Let's Try Something New - Part Three

I have to admit I'm enjoying this conversation. There is clearly a certain group (I honestly don't know how big it is, but it exists) of people who have shifted into utility/safe mode so it's only a matter of time before designers and manufacturers commit to producing items to meet that demand. Those discussions are well and truly underway already and it's been discussed in terms of changes in sales behavior we're seeing now. But large or small market size, short or long term in effect, it really doesn't matter all that much. Why? Well for the same reason any fashion trend works .... we're told what to we want to buy ... and under the current global socio-political landscape it's not going to be hard to convince people to buy something that most of them are already looking for. But that's not my job ... and it's a speculative conversation for a good bottle of wine.

Instead what I'm trying to do is work out what utilitarian fashion looks like. I first mentioned this in terms of swimwear because, after all, I'm a swimwear guy .... but it doesn't have to be. There's active and sports wear, lingerie/sleepwear, everyday stretch clothing like body suits and leggings .... it's all stretch ... indeed in our world almost everything has/can have a stretch wear base. A sleeveless cotton spandex camo unitard might go really well under cargo pants and an army jacket in the future apocalypse? Somewhere in here there's a potential new style.

Well it appears I'm behind the 8 ball a little .... well I'm a lot behind. Fashion designers hit utility in stretch wear a few years back with the emergence of the digital nomad .... millennials that travel the world while working online ... but that was a life style choice rather than something of urgency born out of necessity, like seems to be happening now .... I've included some photos below of the more fashionable side of utility. The fashionable yet semi-practical predecessor is soft, comfortable and colorful. The current conversation, while still athleisure is far less about pretty and more about getting back to real practical definitions like solid, secure, safe, adjustable, lockable ...

Here's a few older links on the utility trend that's still with us (or as I believe, never left):





So what are the elements of utility fashion. This quote comes from the last link above ...

"The interest in utilitarian garments can be characterized by the sum of the functions that they can serve. The general inspiration of this style of clothing derives from military pieces that are both functional and wearable, consisting of lightweight synthetic textiles, straps, buckles and metal accents. However, amidst the increasing dialogue around sustainability, the future of utilitarianism does not lie solely in aesthetics but also in the production techniques that are environmentally conscious in nature."

But in my mind they've missed the target by a full yard. Utility is indeed all about function ... but function also includes something else of significance. If you asked my design groups what the single most utilitarian device ever created was, they'd say the English army Land Rover .... and they'd probably be right. It's utilitarian because it can do so many things besides drive from A to B. It's 4WD, can climb in and out of almost any situation, you can easily mount any device to it, it comes in long and short wheel base, it can be set to drive by itself in a straight line, and a host of other things that most SUVs now take for granted .... but they did it 80 years ago. And even given this miraculous vision and foresight, the Land Rover highlights a design critical element that pretty, fashionable SUVs today have never taken up. The Land Rover is a square box ... the flat panels are not a cost or production concept ... they were a documented requirement. The panels are flat so that they can be repaired or patched on the run. The front of a Land Rover unbolts so you can push the car off the engine and onto another in the field. Utility means more than just function, it also includes concepts like manufacturing, maintenance and repairs.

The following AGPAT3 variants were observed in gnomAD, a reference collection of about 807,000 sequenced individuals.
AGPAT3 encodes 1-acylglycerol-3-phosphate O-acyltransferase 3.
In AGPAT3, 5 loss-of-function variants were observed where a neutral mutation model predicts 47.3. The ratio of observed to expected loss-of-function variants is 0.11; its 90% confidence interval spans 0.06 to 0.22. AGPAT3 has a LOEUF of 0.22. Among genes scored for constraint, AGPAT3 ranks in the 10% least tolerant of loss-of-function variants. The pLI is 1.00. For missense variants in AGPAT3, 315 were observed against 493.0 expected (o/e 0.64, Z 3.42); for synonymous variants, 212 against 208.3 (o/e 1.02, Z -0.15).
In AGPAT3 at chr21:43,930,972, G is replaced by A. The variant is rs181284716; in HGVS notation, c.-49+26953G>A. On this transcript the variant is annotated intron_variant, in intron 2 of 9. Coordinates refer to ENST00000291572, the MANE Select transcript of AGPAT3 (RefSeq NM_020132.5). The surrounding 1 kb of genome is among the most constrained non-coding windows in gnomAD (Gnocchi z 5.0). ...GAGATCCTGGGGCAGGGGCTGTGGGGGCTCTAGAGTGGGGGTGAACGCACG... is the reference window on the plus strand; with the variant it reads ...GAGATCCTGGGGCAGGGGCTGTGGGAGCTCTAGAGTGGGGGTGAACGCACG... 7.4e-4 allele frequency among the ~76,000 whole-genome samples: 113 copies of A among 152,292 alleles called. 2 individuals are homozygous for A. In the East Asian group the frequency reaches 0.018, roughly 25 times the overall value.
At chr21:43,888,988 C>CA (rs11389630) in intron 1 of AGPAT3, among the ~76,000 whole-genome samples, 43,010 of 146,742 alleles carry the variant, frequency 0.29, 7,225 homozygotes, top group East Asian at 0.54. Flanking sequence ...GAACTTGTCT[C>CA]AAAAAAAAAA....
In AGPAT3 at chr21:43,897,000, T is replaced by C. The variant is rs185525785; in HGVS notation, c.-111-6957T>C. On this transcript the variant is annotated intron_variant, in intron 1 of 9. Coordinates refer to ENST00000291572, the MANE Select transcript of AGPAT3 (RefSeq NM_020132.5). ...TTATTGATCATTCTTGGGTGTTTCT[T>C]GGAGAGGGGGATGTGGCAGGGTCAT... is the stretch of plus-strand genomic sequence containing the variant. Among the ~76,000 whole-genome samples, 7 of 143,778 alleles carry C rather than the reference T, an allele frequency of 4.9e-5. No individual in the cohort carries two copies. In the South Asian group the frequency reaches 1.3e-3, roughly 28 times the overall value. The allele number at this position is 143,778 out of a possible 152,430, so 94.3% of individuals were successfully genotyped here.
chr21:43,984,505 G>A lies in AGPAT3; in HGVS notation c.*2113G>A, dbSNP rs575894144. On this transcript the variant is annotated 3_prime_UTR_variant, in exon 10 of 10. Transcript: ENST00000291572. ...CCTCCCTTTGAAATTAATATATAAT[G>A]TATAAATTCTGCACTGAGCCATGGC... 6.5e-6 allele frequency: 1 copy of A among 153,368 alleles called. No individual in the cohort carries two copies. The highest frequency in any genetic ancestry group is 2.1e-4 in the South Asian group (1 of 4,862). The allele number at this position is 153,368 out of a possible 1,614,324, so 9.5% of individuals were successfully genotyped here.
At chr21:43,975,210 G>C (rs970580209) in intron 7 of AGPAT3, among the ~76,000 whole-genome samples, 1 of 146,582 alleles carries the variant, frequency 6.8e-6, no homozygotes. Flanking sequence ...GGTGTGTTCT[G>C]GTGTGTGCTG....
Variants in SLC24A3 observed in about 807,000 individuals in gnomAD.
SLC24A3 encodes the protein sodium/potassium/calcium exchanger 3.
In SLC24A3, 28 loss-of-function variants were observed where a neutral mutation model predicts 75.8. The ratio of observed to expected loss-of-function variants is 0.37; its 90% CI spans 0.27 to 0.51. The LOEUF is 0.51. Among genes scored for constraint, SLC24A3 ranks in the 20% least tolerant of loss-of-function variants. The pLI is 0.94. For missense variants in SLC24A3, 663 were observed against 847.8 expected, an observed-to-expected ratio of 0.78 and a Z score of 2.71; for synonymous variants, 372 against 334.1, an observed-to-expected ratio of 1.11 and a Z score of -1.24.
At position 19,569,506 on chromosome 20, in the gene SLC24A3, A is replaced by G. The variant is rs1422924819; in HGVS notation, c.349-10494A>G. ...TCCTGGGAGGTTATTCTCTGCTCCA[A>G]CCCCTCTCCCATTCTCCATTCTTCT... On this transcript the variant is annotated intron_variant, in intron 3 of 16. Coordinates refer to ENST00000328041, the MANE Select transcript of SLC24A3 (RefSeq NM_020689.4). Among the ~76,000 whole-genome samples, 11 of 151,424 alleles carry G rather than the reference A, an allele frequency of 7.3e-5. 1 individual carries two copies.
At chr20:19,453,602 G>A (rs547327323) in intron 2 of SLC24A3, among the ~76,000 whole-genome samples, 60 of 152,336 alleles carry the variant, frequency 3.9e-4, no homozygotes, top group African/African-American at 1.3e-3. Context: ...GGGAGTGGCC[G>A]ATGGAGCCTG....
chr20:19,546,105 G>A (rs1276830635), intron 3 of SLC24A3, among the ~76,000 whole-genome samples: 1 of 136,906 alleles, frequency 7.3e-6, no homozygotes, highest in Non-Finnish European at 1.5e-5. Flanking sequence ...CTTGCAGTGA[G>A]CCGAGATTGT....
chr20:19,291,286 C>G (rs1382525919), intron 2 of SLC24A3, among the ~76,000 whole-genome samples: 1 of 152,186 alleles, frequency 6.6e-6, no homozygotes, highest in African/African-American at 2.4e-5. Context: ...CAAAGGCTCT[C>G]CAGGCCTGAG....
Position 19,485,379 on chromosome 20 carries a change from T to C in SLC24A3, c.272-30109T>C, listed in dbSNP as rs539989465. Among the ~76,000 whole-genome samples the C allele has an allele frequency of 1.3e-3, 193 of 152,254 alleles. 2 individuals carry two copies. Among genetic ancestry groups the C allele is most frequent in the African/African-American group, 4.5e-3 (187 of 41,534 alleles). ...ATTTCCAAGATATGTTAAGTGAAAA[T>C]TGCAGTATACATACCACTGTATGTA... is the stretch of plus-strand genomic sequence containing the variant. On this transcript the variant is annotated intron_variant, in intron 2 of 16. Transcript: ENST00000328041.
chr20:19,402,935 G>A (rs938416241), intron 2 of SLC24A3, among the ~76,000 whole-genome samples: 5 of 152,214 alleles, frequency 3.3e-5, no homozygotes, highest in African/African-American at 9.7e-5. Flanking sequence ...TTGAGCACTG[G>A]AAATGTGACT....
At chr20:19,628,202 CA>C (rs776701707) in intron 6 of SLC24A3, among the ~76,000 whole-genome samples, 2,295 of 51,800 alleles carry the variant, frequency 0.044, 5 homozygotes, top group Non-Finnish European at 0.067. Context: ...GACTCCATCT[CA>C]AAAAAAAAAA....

Ok Stuart you're losing the plot now! Am I really? What if you could get to both sides of a zip instead of having to undo linings when you needed to replace a broken zip? What if the part of your garment that wore out the fastest could be removed as a panel section and replaced with something else, whatever was on hand? This generally means straight seam lines without complex construction. What if you could join various different garments together by some kind of universal fastener to create multifunctional garments?

This is the difference between the trendy fashionable utility garments that Millennials love for storing their phones, iPads, other electronic devices and environmentally friendly water bottles with activated carbon filters (note the hint of sarcasm?) ... and the current utility conversation.

I was going to say that the former would probably whither and die if they got lost in the jungle and ran out of battery, but I've also just seen solar powered clothing so I'm biting my tongue ...


and if that isn't enough, how about this ....


This multipart thread is trying to get people to join a conversation on the future of fashion: trends, necessity, market analysis, sociopolitical circumstances, historical perspective, fashion application and construction. I want people to take a step back, see a bigger picture and use it to discuss a hypothetical garment that I'll introduce the base for tomorrow!

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